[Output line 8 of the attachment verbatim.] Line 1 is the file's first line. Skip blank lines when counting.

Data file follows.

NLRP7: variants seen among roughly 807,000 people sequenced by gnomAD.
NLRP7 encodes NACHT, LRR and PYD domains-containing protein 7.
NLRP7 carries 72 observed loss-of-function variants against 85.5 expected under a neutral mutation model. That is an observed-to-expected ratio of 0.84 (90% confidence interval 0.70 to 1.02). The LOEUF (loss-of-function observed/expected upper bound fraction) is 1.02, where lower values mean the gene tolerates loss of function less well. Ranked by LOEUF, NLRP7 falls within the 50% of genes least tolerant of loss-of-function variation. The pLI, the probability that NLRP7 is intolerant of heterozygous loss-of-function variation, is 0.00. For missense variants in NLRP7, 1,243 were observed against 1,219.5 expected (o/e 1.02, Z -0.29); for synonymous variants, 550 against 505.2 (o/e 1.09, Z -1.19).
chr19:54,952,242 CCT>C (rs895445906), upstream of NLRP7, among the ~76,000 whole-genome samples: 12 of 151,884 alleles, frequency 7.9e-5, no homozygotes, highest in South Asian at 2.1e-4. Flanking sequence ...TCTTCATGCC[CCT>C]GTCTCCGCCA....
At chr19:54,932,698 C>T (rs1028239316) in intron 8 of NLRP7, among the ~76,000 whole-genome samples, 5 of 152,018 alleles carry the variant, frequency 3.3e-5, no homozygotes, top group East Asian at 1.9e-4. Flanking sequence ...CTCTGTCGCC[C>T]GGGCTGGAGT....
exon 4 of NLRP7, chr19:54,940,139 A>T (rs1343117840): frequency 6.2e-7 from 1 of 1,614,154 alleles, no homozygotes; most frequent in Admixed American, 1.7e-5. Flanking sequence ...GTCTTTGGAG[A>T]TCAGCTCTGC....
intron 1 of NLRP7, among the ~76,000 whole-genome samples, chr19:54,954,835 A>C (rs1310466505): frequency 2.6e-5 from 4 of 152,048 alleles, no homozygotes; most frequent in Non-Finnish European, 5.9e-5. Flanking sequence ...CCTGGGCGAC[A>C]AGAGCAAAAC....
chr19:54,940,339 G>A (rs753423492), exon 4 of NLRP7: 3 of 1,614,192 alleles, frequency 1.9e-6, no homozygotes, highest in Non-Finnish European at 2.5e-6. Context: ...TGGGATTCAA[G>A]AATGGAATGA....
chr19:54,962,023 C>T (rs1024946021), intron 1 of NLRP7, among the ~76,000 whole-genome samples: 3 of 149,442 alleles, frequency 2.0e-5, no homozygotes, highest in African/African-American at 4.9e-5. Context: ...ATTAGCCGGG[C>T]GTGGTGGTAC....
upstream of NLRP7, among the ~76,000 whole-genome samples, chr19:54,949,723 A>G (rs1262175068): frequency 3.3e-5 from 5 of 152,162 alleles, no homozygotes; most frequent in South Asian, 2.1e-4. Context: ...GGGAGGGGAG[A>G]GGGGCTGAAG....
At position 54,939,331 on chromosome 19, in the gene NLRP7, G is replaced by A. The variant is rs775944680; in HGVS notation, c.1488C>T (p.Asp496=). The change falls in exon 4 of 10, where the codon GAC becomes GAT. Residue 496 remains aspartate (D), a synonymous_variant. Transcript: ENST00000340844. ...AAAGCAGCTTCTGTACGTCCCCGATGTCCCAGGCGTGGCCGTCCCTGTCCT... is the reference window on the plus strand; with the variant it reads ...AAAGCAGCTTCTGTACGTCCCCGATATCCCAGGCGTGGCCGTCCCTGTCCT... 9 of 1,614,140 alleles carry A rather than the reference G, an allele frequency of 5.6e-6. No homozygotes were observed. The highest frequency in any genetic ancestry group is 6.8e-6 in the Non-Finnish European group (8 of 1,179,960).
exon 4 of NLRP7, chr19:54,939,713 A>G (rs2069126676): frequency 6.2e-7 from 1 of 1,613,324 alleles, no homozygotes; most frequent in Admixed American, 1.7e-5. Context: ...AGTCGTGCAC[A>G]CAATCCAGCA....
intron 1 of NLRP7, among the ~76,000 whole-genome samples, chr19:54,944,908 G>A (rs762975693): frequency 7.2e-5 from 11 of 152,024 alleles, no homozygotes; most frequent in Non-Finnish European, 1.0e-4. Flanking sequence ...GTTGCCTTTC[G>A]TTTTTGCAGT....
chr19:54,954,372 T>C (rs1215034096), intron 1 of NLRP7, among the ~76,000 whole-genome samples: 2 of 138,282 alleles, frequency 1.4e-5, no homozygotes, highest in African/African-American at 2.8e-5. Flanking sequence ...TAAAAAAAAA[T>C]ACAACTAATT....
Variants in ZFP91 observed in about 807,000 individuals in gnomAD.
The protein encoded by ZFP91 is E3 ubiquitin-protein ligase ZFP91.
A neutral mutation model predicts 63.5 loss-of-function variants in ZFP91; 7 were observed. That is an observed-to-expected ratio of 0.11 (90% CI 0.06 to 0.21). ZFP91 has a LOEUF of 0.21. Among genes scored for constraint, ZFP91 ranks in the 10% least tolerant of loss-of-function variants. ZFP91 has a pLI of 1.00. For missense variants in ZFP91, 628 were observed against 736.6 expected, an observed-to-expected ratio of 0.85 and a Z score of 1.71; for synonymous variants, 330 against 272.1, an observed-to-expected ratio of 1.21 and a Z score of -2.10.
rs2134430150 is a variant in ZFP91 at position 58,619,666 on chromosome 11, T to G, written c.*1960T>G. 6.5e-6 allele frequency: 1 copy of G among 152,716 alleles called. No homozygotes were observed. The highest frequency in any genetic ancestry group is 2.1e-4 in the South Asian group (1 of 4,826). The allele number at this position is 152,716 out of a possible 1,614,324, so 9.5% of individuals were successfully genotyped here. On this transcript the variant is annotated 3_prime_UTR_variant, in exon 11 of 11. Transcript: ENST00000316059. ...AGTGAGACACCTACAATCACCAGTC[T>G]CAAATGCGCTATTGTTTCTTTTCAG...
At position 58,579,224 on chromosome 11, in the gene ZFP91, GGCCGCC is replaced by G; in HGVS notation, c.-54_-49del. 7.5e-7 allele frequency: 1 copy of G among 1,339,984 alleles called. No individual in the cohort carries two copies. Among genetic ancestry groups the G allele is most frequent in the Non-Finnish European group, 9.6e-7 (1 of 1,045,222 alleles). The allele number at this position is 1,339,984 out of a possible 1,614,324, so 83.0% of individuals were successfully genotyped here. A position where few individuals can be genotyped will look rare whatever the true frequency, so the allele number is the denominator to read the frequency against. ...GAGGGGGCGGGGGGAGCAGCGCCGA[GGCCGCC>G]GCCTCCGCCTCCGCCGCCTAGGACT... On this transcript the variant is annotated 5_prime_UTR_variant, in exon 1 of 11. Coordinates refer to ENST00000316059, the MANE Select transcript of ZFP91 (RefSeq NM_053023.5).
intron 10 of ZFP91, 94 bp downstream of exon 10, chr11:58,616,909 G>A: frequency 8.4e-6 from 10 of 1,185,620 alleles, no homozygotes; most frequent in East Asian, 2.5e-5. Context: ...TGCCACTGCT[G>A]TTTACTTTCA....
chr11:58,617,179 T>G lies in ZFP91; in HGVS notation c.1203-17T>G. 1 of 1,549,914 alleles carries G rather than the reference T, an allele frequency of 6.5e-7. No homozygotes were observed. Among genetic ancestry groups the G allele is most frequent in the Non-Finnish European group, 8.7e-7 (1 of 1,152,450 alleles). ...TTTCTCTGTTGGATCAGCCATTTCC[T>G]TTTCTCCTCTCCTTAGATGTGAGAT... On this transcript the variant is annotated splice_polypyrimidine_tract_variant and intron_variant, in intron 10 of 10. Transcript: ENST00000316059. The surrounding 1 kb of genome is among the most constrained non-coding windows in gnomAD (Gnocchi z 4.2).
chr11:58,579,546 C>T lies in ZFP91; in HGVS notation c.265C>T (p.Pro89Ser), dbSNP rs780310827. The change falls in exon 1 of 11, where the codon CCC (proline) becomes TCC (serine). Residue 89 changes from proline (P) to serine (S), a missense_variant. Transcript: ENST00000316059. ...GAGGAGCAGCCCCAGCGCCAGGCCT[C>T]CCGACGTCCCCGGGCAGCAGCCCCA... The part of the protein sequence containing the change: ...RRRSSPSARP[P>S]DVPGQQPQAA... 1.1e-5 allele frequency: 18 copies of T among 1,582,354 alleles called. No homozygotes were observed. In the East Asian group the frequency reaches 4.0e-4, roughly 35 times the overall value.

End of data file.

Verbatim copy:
chr19:54,940,339 G>A (rs753423492), exon 4 of NLRP7: 3 of 1,614,192 alleles, frequency 1.9e-6, no homozygotes, highest in Non-Finnish European at 2.5e-6. Context: ...TGGGATTCAA[G>A]AATGGAATGA....